Some things to know about Minnesota’s atypical election
MINNEAPOLIS — After enduring months of bitter and polarizing political campaigning, Minnesotans eager for the finish line with next month’s election may have to wait just a few days more.
The coronavirus pandemic that has upended every corner of American life this year may mean delays in election results, too. Minnesotans are voting absentee in record numbers this year — more than 1.6 million had requested ballots through Friday — and a court has approved the counting of properly postmarked ballots for up to a week after Election Day.
That means winners in some races may not be be declared for days.
The unusual circumstances of this year’s election, along with frequent questions raised by President Donald Trump about voter fraud, have state election officials working overtime to assure the public that the state’s voting system can be trusted.
“When citizens see, on election night, that we don’t have 100% of the results in, it is literally by design,” Secretary of State Steve Simon told reporters recently. “It’s not evidence that anyone is hiding or concealing or rigging or stealing. It’s evidence of the actual plan.”
Here are some things to know about this year’s election:
WAYS TO VOTE
As always, Minnesota voters can cast a ballot at their polling place before 8 p.m. on Election Day, which is Nov. 3. But because of COVID-19 concerns, Simon and other elections officials have encouraged more Minnesotans to vote early in person at designated polling sites or request an absentee ballot or vote by mail. Absentee ballots may also be dropped off early at designated locations. Early voting started Sept. 18.
COUNTING THE VOTE
When Minnesota’s polls close at 8 p.m. on Election Day, elections officials will begin tabulating all of the in-person and absentee ballots they have in hand, as usual. But this year, the state will continue to accept and count absentee ballots through Nov. 10, as long as they are postmarked on or before Election Day. During that seven-day extension, new results will come in as counties provide daily reports on how many absentee ballots they have received and how many they have processed. Simon is warning there may be no “instant gratification” in knowing some race winners on election night.
PROCESSING AND TRACKING ABSENTEE BALLOTS
The state knows who has requested absentee ballots and who has returned them, and there are safeguards in place to prevent ballot tampering and fraud. Unlike other states that automatically send ballots to every voter, or states that rely only on signatures, Minnesotans who want to vote absentee must request a ballot, and they must provide either a driver’s license number or Social Security number as a primary means of identification. When voters mail back their ballots, they must provide that same identifying information, to make sure it matches.
Voters can track their own ballots online, including looking up whether their ballot was received and accepted by their local elections office.
WHAT’S DIFFERENT FOR ABSENTEE BALLOTS THIS YEAR?
Elections officials can start processing absentee ballots on Oct. 20 (two weeks before the election) instead of the typical seven says prior, to give them more time to handle the higher volume. But ballots cannot actually be tabulated until polls close.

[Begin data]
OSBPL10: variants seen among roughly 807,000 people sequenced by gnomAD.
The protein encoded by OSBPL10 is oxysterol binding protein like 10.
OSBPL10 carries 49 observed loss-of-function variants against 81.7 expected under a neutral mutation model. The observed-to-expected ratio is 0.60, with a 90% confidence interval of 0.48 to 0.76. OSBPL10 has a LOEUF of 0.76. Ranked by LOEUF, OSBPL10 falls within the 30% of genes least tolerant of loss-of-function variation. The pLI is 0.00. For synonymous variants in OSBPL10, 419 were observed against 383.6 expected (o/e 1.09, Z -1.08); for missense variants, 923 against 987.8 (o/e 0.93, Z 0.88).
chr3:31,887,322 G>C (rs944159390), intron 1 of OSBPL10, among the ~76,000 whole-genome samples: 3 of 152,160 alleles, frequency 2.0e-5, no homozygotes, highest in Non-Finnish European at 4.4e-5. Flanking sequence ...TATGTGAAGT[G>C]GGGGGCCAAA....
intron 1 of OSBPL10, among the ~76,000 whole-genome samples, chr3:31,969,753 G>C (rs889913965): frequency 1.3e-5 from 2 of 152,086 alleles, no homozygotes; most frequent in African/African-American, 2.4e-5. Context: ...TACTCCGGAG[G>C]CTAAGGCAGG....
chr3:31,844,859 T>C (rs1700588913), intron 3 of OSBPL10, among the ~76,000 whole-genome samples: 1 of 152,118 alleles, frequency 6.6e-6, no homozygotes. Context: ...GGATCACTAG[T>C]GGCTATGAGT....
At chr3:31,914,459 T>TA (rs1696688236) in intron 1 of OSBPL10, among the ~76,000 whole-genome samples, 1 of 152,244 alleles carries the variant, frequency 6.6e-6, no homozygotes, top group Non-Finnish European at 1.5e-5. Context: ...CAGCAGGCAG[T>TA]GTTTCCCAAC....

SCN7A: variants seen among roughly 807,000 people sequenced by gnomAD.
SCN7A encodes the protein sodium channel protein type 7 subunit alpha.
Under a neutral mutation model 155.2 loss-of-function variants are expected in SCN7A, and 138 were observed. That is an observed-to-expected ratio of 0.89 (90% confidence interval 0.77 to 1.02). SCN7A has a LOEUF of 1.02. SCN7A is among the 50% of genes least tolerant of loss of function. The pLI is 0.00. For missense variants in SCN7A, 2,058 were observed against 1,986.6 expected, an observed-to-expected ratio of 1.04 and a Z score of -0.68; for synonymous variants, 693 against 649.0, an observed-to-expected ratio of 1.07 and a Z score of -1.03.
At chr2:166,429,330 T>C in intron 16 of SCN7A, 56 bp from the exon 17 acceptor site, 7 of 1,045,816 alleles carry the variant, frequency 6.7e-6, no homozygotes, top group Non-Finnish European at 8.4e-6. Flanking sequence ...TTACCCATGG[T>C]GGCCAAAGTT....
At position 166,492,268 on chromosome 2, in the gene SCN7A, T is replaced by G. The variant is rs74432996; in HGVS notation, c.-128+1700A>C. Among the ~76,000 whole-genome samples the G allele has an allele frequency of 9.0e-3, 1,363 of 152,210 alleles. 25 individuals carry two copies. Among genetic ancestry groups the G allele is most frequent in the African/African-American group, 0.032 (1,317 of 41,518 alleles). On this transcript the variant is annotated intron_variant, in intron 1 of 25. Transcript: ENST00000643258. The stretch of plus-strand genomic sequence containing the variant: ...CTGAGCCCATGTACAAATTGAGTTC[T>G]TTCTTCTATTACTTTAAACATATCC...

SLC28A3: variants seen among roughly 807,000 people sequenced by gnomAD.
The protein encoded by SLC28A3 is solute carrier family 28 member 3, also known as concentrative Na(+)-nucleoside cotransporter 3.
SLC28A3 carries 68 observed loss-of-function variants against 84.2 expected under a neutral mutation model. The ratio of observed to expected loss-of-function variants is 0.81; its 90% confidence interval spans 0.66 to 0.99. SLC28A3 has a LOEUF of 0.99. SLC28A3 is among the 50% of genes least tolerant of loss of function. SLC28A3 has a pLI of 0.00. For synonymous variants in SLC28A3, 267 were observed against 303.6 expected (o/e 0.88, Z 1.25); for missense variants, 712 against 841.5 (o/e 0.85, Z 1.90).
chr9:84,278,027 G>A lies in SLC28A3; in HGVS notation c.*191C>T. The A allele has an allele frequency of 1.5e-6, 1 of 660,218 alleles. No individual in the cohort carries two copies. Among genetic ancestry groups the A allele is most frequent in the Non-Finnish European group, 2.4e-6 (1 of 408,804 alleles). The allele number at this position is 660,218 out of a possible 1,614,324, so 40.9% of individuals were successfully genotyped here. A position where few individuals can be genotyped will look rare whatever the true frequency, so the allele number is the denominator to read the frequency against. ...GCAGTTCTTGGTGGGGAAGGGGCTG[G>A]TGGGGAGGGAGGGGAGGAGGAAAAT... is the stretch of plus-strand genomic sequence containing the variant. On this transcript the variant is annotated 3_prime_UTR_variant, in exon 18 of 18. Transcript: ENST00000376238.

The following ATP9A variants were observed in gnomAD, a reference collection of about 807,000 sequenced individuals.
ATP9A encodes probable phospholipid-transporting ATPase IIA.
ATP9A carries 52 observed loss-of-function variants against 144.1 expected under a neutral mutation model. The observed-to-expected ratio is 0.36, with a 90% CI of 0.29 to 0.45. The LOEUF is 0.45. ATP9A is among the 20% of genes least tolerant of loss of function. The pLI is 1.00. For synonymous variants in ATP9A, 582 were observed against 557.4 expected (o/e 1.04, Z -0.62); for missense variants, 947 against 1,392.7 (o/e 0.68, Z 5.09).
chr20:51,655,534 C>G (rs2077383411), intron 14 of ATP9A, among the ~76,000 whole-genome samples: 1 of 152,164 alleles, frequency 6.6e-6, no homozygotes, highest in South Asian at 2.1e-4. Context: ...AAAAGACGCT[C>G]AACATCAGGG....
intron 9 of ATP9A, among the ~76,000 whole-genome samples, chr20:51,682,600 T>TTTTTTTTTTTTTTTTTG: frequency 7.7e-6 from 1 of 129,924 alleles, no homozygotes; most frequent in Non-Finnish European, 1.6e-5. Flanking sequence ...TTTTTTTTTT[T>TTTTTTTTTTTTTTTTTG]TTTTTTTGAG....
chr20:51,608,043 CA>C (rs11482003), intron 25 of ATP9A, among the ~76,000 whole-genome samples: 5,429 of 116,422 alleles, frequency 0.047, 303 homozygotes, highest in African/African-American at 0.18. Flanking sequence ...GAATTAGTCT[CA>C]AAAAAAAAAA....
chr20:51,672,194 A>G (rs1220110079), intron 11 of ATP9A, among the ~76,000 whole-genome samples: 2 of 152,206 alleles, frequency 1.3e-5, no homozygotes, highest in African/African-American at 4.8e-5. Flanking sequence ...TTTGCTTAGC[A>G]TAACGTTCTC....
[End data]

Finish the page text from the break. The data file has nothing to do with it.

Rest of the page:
There is no witness requirement for absentee ballots this year, due to COVID-19 concerns.
ARE THE ELECTIONS SECURE?
Simon said that the state has been working hard with intelligence officials to reduce the risk of cybersecurity threats and of potential interference from a foreign adversary.
Minnesota’s reliance on paper ballots, instead of electronic voting, helps, he said. Paper ballots and vote totals are reviewed by city, county, and state election officials several times before an election is certified by the state canvassing board.
And Simon said when it comes to absentee ballots, additional layers of security include the requirement for an identification number, rather than simply a signature.
There are also safeguards for those who return absentee ballots for others. Minnesota law allows someone to return ballots for up to three other people — but that person must show identification and sign a log noting whose ballots they are returning. The three-person limit was lifted briefly during a window that included the state primary but has since been reinstated for the general election.
A challenge to Minnesota’s seven-day extension for counting absentee ballots is currently before the 8th U.S. Circuit Court of Appeals. State Republican Rep. Eric Lucero and GOP activist James Carson had sued Simon, who is a Democrat, over the extension, arguing it violates federal law. They appealed after a federal judge sided with the state, ruling that giving voters conflicting information after absentee ballots already went out would create confusion.
Another case before the 8th Circuit involves Minnesota’s 2nd Congressional District, where Democratic U.S. Rep. Angie Craig is seeking her second term. Craig went to federal court after the September death of a third-party candidate triggered a state law that moved the 2nd District election to February. Craig won — and the election was moved back to Nov. 3 — but her Republican challenger, Tyler Kistner, is appealing. If the delay is reinstated it would leave the 2nd District without representation for weeks.